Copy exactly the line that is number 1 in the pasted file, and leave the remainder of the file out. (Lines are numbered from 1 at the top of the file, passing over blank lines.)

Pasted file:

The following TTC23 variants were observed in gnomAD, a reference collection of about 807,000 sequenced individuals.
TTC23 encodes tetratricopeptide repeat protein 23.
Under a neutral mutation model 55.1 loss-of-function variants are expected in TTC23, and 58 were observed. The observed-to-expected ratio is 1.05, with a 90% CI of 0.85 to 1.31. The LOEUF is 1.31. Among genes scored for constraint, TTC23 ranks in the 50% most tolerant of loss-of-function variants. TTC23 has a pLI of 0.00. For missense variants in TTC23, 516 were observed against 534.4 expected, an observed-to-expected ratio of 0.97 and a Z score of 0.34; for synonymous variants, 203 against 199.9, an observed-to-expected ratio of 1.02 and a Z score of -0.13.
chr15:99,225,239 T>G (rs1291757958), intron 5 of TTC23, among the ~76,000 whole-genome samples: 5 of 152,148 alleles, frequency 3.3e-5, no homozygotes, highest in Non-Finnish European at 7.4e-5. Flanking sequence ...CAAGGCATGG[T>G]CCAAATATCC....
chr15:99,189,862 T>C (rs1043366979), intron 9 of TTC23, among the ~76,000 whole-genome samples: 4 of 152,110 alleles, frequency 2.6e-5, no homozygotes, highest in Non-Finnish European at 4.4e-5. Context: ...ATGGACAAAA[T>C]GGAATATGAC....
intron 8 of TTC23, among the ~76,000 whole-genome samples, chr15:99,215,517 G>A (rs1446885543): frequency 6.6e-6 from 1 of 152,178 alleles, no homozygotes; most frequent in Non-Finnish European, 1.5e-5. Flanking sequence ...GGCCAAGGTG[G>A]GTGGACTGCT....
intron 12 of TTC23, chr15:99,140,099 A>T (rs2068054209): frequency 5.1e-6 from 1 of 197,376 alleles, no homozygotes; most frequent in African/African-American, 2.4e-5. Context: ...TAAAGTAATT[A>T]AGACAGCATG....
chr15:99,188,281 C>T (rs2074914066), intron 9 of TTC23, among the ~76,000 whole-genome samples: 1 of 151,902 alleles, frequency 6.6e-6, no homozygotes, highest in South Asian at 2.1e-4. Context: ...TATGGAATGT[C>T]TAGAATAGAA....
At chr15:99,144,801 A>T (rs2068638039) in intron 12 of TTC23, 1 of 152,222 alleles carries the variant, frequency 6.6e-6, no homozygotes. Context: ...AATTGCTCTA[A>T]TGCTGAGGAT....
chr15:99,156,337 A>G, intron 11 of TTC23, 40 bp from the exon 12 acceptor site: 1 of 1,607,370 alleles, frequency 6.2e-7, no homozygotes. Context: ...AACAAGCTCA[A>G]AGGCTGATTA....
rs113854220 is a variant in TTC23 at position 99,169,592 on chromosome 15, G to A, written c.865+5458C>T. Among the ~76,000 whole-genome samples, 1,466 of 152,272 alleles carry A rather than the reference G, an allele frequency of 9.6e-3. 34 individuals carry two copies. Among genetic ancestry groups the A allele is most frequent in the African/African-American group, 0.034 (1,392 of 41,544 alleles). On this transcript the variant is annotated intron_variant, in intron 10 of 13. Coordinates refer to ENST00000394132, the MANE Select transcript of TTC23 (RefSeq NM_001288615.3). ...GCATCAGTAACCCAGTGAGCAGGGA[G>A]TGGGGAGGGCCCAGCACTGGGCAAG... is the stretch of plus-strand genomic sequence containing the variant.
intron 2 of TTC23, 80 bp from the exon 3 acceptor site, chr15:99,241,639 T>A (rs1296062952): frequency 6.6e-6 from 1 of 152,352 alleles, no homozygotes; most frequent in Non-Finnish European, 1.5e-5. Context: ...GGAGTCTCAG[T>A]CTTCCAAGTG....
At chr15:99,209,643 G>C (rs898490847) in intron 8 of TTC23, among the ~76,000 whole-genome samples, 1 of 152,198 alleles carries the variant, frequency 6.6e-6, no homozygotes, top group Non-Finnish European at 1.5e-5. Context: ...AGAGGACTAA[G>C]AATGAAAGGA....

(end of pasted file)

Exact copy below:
The following TTC23 variants were observed in gnomAD, a reference collection of about 807,000 sequenced individuals.